Vaccine mandates for school staff: Here's a quick look at the province's guidance for B.C. boards
Ignoring calls from a union representing B.C. teachers, the province is sticking to its plan for vaccine mandates to be put in place at the district level, issuing guidelines directed to school boards thinking about imposing such requirements.
Organizations including the B.C. Teachers' Federation have been critical of the decision, suggesting mandates should be issued by the NDP government for consistency across the province.
But officials say that it's up to employers to put in place any rules around vaccinations. After weeks of questions and public criticism, the government agreed to offer guidance to boards, though there will be no province-wide mandates imposed at this time.
The Ministry of Education said in a news release that the guidelines, released Friday, were created following consultation with the BCTF, as well as the B.C. School Trustees Association, Canadian Union of Public Employees, the First Nations Education Steering Committee and others, as well as the provincial health officer.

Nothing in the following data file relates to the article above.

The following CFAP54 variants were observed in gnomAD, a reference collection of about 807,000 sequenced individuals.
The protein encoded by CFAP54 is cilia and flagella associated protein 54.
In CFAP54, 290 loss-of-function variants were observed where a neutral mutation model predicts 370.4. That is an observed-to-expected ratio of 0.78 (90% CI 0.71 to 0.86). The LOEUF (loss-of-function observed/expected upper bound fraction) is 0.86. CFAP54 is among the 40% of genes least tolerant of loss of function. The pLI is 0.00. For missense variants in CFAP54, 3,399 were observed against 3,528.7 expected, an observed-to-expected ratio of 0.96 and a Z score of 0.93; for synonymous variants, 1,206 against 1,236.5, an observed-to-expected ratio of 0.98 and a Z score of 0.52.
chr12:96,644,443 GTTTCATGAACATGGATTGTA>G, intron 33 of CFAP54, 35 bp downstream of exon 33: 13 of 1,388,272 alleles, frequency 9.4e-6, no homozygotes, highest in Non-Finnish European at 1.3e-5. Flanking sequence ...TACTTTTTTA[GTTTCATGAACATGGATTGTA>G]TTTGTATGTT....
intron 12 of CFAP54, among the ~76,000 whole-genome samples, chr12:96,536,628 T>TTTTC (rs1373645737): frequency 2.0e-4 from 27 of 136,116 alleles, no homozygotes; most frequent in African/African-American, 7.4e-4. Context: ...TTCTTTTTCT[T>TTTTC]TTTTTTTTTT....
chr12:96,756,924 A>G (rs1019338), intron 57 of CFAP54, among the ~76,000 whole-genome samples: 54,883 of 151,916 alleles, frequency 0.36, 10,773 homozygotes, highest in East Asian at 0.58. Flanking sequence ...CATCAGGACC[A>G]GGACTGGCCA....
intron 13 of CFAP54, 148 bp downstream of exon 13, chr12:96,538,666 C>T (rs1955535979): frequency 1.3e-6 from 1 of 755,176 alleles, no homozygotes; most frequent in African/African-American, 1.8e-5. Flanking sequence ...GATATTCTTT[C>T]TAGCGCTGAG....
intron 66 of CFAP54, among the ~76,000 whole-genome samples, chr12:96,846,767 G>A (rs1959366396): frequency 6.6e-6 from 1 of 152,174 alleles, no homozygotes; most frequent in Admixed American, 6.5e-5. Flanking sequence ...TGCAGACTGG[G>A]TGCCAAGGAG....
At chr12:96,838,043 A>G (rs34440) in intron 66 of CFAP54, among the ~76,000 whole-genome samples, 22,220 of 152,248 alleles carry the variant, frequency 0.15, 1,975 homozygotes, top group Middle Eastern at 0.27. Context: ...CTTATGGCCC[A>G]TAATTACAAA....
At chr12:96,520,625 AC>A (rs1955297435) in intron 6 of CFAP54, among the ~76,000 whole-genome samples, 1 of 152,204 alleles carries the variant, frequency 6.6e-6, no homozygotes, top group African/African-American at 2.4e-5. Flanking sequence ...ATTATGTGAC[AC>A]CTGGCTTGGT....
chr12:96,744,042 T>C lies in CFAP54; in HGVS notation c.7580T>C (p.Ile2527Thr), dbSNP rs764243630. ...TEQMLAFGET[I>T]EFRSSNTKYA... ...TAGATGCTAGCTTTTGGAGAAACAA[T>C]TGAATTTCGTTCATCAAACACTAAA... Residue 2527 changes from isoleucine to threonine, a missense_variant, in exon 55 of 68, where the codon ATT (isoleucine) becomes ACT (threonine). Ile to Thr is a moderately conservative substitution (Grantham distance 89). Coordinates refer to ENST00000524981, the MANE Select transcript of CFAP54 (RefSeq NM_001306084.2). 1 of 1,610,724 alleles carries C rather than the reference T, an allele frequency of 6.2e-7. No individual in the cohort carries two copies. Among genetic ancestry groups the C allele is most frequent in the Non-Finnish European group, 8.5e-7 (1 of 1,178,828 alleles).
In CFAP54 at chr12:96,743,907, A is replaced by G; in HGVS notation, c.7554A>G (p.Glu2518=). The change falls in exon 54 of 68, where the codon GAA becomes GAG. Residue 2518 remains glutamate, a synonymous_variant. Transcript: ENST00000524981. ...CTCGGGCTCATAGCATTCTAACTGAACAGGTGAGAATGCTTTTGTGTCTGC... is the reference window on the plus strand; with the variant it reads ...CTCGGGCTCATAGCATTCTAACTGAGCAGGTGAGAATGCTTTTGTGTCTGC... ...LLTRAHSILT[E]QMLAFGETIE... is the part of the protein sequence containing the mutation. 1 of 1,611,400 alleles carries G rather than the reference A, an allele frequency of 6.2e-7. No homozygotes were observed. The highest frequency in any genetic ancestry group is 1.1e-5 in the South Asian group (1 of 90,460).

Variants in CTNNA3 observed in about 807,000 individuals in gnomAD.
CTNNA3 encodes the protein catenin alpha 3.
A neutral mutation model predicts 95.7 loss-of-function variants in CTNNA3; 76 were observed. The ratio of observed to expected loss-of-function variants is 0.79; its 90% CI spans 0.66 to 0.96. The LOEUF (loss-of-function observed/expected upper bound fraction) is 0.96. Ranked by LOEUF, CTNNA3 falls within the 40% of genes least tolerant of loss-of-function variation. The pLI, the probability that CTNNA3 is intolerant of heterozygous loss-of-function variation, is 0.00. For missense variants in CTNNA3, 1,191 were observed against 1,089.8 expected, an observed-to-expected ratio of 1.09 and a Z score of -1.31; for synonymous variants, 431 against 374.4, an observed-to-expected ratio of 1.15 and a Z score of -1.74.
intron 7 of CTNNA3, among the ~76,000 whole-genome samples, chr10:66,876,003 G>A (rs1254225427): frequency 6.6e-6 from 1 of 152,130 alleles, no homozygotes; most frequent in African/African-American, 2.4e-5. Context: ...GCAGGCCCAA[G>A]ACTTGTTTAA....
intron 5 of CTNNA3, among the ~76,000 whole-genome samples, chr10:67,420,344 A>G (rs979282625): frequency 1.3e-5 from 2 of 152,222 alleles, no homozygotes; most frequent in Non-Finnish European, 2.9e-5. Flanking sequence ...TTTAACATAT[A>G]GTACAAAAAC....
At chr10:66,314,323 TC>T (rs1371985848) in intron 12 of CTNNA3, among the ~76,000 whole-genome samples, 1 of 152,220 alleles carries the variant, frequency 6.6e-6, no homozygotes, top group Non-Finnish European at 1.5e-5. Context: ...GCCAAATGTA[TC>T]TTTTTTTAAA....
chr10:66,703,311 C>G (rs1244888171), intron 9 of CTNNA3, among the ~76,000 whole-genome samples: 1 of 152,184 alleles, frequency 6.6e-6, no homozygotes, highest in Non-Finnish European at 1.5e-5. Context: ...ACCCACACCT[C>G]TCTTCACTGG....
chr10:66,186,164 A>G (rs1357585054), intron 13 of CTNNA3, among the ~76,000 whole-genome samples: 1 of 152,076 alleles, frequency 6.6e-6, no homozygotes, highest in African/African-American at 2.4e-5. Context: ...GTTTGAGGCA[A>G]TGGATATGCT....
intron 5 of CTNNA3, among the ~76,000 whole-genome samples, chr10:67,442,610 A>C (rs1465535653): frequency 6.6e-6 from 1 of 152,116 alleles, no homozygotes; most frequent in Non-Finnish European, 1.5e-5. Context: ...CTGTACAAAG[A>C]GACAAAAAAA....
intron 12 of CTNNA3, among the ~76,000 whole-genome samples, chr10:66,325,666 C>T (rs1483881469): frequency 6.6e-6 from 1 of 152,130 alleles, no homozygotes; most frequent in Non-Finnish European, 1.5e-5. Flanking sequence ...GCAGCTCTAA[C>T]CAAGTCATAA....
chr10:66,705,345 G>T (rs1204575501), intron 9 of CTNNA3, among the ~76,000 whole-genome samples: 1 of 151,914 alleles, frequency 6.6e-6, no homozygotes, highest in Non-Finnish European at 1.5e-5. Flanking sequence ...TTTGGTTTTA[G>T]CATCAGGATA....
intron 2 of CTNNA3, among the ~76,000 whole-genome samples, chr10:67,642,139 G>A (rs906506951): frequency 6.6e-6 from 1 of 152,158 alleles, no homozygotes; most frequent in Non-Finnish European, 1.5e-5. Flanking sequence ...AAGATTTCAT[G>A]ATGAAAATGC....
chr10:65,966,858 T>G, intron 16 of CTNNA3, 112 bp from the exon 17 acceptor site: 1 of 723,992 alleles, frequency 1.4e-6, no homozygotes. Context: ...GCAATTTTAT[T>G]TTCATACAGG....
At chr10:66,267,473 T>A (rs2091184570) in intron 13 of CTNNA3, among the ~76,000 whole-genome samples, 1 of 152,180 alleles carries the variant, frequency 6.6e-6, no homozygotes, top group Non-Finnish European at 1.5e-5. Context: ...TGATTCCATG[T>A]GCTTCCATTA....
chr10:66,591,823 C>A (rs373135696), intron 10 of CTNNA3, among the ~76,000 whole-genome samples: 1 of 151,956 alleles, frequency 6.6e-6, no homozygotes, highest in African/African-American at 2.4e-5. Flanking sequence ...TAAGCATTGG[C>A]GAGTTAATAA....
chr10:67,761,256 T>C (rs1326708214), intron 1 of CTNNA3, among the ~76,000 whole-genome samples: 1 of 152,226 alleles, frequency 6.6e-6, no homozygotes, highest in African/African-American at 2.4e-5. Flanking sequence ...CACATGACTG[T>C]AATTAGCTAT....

The nine-page document of guidelines geared to K-12 school boards suggest those considering a mandate follow the below "roadmap" to creating a custom policy:
- Gather data on the number of staff currently unvaccinated, while taking into account existing privacy rules.
- Seek legal advice, and consult with medical health officers.
- Conduct a larger consultation involving First Nations, employee groups and the school district community, including parent advisory committees.
- Make a decision, and announce it.
- Put the plan in action, using some tool to assess proof of vaccination.
The guidelines posted online contain further details on each step, and say the goal of such mandates, if they are put in place, should be on reducing the impact of COVID-19 on in-class learning, and prioritizing the health and safety of students and staff.
The full document is available online.
Vancouver Top Stories
DEVELOPING | COVID-19 update: B.C. adds 375 cases, 7 deaths